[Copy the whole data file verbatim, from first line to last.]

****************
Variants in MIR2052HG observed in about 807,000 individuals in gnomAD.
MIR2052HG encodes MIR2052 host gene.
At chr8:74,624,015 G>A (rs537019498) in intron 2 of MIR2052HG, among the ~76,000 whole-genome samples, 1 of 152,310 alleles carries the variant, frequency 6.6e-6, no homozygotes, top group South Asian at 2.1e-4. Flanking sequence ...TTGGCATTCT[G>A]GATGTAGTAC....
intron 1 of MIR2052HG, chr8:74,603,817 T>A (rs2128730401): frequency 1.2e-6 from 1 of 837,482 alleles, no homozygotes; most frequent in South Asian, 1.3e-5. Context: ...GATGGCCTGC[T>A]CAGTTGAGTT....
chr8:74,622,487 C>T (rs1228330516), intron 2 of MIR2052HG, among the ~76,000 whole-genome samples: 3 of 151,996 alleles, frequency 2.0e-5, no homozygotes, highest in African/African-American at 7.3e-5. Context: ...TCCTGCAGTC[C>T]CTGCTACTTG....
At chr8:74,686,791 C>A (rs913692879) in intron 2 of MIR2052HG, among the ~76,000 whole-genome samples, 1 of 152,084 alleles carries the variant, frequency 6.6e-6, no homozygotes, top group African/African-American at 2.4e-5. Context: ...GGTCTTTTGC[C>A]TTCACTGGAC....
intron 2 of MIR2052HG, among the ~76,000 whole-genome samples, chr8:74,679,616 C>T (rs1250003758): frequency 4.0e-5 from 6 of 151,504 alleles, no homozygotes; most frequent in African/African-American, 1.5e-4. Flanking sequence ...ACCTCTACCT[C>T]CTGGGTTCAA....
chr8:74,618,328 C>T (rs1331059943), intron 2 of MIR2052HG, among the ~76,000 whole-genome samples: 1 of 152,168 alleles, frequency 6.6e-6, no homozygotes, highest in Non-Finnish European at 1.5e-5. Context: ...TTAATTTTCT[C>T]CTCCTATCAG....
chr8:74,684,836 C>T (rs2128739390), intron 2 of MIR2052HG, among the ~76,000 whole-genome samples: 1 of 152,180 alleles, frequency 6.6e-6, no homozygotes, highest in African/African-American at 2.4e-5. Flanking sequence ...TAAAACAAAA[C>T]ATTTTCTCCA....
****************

Variants in MIR2052HG observed in about 807,000 individuals in gnomAD.
MIR2052HG encodes MIR2052 host gene.
At chr8:74,624,015 G>A (rs537019498) in intron 2 of MIR2052HG, among the ~76,000 whole-genome samples, 1 of 152,310 alleles carries the variant, frequency 6.6e-6, no homozygotes, top group South Asian at 2.1e-4. Flanking sequence ...TTGGCATTCT[G>A]GATGTAGTAC....
intron 1 of MIR2052HG, chr8:74,603,817 T>A (rs2128730401): frequency 1.2e-6 from 1 of 837,482 alleles, no homozygotes; most frequent in South Asian, 1.3e-5. Context: ...GATGGCCTGC[T>A]CAGTTGAGTT....
chr8:74,622,487 C>T (rs1228330516), intron 2 of MIR2052HG, among the ~76,000 whole-genome samples: 3 of 151,996 alleles, frequency 2.0e-5, no homozygotes, highest in African/African-American at 7.3e-5. Context: ...TCCTGCAGTC[C>T]CTGCTACTTG....
At chr8:74,686,791 C>A (rs913692879) in intron 2 of MIR2052HG, among the ~76,000 whole-genome samples, 1 of 152,084 alleles carries the variant, frequency 6.6e-6, no homozygotes, top group African/African-American at 2.4e-5. Context: ...GGTCTTTTGC[C>A]TTCACTGGAC....
intron 2 of MIR2052HG, among the ~76,000 whole-genome samples, chr8:74,679,616 C>T (rs1250003758): frequency 4.0e-5 from 6 of 151,504 alleles, no homozygotes; most frequent in African/African-American, 1.5e-4. Flanking sequence ...ACCTCTACCT[C>T]CTGGGTTCAA....
chr8:74,618,328 C>T (rs1331059943), intron 2 of MIR2052HG, among the ~76,000 whole-genome samples: 1 of 152,168 alleles, frequency 6.6e-6, no homozygotes, highest in Non-Finnish European at 1.5e-5. Context: ...TTAATTTTCT[C>T]CTCCTATCAG....
chr8:74,684,836 C>T (rs2128739390), intron 2 of MIR2052HG, among the ~76,000 whole-genome samples: 1 of 152,180 alleles, frequency 6.6e-6, no homozygotes, highest in African/African-American at 2.4e-5. Flanking sequence ...TAAAACAAAA[C>T]ATTTTCTCCA....